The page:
Identity, Insecurity and Image: France and Language
Author: Dennis E Ager
This book is about the relationship between language and the society that uses it. It specifically aims to discover what drives the French to concentrate so much on language, on what characterises their approach, and on the explanations for the policies governments pursue. It concludes that three motives have been and are important: insecurity, identity and image creation. Insecurity — the fear of a possible break-up of the French state from attacks on it — has coloured policy for the regional languages, the fight against Franglais, and policy, often not openly stated, towards certain social categories — the young, women, immigrants, the poor. The desire to affirm French identity and uniqueness is at the origin of policies to reinforce the status of the French language in the public domain. The zeal of the state in spreading French abroad, and a more recent discovery of the importance of language diversity in the world, can be traced to a mixture of altruism and imperialism: a desire to benefit mankind tempered with an intention to ensure the maintenance of France's world role.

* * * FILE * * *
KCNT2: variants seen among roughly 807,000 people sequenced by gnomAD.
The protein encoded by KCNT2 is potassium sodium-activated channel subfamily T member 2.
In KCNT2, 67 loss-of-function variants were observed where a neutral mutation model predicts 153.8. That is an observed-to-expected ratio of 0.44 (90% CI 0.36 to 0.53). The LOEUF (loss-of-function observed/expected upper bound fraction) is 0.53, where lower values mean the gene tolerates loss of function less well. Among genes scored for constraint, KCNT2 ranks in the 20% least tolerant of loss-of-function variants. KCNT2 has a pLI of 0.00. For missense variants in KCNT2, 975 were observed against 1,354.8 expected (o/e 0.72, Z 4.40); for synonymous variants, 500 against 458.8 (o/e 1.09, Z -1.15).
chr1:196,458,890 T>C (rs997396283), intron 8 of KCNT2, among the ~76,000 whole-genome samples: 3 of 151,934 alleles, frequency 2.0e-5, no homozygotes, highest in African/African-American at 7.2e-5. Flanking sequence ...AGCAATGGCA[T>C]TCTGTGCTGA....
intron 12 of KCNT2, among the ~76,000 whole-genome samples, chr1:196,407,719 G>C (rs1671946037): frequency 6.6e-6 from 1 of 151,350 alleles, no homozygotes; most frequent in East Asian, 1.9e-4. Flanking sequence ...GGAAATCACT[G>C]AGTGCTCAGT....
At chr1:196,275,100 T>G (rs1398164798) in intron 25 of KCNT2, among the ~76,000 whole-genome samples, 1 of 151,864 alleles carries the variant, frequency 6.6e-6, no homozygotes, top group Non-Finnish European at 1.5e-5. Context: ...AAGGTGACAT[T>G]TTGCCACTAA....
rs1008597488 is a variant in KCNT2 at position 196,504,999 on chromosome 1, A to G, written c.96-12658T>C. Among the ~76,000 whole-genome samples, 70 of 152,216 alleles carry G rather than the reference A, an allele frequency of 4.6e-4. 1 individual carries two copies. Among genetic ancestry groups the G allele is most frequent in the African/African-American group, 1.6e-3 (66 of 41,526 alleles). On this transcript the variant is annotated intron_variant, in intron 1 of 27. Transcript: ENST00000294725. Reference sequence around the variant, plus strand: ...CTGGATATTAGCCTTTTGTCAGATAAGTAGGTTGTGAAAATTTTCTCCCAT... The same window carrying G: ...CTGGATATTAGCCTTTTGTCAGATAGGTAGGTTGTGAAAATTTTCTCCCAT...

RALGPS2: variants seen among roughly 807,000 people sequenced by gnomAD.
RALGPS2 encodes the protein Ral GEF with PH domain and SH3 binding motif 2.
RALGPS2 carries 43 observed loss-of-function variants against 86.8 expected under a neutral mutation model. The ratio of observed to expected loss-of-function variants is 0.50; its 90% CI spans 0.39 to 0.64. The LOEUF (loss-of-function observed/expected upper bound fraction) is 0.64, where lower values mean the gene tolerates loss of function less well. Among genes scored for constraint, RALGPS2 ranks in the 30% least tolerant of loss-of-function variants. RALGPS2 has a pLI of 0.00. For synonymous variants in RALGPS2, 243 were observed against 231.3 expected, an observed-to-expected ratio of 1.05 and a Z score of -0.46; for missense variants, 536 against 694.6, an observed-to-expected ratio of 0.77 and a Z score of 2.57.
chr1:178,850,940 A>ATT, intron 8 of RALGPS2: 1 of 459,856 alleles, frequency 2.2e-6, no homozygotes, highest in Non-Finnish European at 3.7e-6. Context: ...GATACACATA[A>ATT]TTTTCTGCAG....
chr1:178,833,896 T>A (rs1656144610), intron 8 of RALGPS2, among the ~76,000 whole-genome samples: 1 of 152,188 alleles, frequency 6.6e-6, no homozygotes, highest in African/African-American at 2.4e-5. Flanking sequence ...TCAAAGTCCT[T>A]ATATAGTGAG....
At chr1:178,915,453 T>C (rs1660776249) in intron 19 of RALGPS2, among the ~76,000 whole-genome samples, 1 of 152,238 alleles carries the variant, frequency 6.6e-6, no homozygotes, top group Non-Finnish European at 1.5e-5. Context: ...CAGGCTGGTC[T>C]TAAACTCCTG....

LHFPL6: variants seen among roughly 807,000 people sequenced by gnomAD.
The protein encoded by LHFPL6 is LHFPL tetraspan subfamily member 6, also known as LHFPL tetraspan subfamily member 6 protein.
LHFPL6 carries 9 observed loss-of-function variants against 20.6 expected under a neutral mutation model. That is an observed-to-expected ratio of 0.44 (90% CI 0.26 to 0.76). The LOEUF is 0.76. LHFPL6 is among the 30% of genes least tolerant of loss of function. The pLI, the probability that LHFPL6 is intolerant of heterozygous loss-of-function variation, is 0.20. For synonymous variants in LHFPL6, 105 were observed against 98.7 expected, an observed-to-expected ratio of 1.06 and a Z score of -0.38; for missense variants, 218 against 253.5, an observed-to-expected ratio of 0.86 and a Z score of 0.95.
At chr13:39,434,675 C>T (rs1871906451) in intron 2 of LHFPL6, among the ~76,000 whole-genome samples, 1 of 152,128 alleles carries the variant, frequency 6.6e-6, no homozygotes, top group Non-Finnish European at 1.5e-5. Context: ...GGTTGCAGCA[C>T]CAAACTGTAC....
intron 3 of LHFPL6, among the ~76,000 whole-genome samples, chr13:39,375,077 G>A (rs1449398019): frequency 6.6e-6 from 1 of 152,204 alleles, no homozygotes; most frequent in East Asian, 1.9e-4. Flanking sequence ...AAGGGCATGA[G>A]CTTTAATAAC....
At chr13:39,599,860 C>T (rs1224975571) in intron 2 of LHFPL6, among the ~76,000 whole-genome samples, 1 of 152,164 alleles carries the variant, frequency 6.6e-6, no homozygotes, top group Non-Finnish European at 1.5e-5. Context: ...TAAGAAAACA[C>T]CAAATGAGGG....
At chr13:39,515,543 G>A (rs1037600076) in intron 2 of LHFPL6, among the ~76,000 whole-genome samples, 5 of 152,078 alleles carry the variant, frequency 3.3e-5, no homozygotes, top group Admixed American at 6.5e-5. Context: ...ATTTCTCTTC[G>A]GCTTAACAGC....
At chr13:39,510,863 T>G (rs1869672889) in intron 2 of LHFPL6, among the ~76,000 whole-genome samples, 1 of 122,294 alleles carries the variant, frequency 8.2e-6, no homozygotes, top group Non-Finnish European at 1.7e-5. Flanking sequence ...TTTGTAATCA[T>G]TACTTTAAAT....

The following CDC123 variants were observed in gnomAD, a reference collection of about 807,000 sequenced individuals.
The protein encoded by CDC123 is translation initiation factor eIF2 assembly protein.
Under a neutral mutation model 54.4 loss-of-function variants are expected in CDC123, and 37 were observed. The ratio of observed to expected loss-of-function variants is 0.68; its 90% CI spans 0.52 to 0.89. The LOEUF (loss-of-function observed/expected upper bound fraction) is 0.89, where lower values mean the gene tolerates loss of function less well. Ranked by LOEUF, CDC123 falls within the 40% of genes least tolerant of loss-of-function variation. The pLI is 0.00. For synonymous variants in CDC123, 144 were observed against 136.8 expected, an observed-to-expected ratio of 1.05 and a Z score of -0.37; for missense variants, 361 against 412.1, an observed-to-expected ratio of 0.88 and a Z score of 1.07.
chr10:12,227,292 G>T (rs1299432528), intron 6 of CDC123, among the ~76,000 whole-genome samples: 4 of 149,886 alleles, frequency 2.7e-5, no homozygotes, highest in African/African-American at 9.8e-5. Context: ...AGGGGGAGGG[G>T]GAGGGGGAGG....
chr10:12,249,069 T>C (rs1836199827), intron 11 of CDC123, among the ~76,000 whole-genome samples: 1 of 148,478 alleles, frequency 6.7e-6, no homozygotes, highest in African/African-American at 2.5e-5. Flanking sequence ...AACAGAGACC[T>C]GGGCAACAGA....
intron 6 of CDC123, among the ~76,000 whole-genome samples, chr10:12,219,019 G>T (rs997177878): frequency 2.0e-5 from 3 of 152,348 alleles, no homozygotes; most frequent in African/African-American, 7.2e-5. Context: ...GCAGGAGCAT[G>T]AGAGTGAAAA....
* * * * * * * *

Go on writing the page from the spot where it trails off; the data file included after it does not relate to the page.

Dennis Ager is Professor of Modern Languages in the School of Languages and European Studies at Aston University. He is interested in the mutual effect of language and societies, particularly French society. This interest is reflected in work both on the nature of society, particularly on the characteristics of state-minority relations, and on the nature of language, with particular interest in language variety. His most recent books are Francophonie in the 1990s. Problems and Opportunities (Multilingual Matters, 1996), Language Policy in Britain and France: the Processes of Policy (Cassell, 1996) and Language, Community and the State (Intellect, 1997).
Postgraduate, Research / Professional